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The young people, aged 12-13, spent eight weeks developing their own 3D role-playing games. The girls in the classroom wrote more complex programs in their games than the boys and also learnt more about coding. The girls used seven different triggers – almost twice as many as the boys – and were much more successful at creating complex scripts with two or more parts and conditional clauses. Boys nearly always chose to trigger their scripts on when a character says something, which is the first and easiest trigger to learn."
Nonsense. Why are you lying?
Modern diesels cannot be told apart from gasoline. They do not stink and belch smoke. I should know, I have two.
How is this automatically "homoerotic"? Girls don't "sip" from "straws"??
Girls aren't the target audience of a toy like Buzz Lightyear.
If Star Wars taught us anything, in the future (but somehow the past) Blacks are relegated to positions of being political shills for the empire.
And then you've got Darth Vader: the blackest brother in the galaxy. Nubian God.
The current structure of the American taxi industry began in New York City when “taxi medallions” were introduced in the 1930s. Taxis were extremely popular in the city, and the government realized they needed to make sure drivers weren’t psychopaths luring victims into their cars. So, New York City required cabbies to apply for a taxi medallion license. Given the technology available in the 1930s, It was a reasonable solution to the taxi safety problem, and other cities soon followed suit. But their scarcity has made taxi medallions the best investment in America for years. Where they exist, taxi medallions have outperformed even the Standard & Poor’s 500-stock index. In Chicago, their value has doubled since 2009. The medallion stakeholders are many and deep pockets run this market. The system in Chicago and elsewhere is dominated by large investors who rely on brokers to sell medallions, specialty banks to finance them and middle men to manage and lease them to drivers who own nothing at all. Together, they’re fighting to protect an asset that was worth about $2.4 billion in Chicago last year. “The medallion owners seem to be of the opinion that they are entitled to indefinite appreciation of their asset,” says Corey Owens, Uber’s head of global public policy.. “The taxi medallion in the U.S. was the best investment you could have made in the last 30 years. Will it go up forever? No. And if they expected that it would, that was their mistake.”"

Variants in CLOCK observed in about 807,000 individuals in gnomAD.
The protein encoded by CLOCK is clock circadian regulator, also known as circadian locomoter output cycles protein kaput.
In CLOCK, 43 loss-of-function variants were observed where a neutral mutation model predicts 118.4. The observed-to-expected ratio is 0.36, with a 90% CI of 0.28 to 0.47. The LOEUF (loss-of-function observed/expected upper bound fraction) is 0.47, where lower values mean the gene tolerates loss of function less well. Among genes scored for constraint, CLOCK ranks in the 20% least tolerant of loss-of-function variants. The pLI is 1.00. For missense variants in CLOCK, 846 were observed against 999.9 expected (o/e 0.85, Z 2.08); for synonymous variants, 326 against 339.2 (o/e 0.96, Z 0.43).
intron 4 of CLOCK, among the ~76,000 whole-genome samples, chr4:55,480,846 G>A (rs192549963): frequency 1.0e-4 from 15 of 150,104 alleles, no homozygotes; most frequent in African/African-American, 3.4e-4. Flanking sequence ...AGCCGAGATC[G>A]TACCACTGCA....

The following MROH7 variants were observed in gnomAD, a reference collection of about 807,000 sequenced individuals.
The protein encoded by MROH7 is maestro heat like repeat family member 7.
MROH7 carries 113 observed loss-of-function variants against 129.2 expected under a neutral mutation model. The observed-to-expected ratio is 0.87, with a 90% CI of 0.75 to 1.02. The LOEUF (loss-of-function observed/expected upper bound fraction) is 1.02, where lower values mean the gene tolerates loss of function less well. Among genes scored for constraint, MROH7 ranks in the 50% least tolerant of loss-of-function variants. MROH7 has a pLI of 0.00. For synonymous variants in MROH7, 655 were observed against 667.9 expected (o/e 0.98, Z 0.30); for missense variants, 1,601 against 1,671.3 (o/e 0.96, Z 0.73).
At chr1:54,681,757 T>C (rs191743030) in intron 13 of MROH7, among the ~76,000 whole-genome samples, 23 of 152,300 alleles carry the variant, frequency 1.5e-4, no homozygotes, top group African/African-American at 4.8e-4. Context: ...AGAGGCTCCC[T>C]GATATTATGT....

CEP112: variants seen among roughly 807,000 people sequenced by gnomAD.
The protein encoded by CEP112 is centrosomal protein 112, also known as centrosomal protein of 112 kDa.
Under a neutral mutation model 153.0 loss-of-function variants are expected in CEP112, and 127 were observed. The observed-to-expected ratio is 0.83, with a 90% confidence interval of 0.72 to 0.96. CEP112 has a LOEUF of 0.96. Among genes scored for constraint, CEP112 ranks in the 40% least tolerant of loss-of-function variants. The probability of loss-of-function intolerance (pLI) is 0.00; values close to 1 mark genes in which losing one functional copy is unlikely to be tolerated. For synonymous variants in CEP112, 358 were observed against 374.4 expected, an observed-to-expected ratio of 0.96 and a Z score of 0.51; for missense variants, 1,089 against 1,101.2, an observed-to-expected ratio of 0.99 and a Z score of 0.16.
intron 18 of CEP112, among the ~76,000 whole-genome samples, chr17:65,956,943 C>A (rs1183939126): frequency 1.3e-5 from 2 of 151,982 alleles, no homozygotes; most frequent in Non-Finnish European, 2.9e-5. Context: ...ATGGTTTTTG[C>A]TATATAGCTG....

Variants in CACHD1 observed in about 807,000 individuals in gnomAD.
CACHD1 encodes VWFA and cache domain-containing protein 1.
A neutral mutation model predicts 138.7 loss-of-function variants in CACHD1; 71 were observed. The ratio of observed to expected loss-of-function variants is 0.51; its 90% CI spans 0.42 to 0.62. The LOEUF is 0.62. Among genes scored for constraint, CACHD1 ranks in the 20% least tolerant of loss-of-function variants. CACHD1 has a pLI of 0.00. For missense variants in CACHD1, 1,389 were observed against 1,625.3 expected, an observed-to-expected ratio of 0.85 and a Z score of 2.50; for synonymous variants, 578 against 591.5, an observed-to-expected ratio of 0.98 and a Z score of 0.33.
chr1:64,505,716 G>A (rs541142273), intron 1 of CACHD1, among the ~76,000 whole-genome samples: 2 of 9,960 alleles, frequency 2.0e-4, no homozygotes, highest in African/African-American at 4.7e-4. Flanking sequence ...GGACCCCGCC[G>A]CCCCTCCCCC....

Which was my point.
Furthermore, justice isn't the elimination of the P/B/A distribution curve; justice is ensuring equal opportunity to move along the horizontal wealth axis of that distribution.
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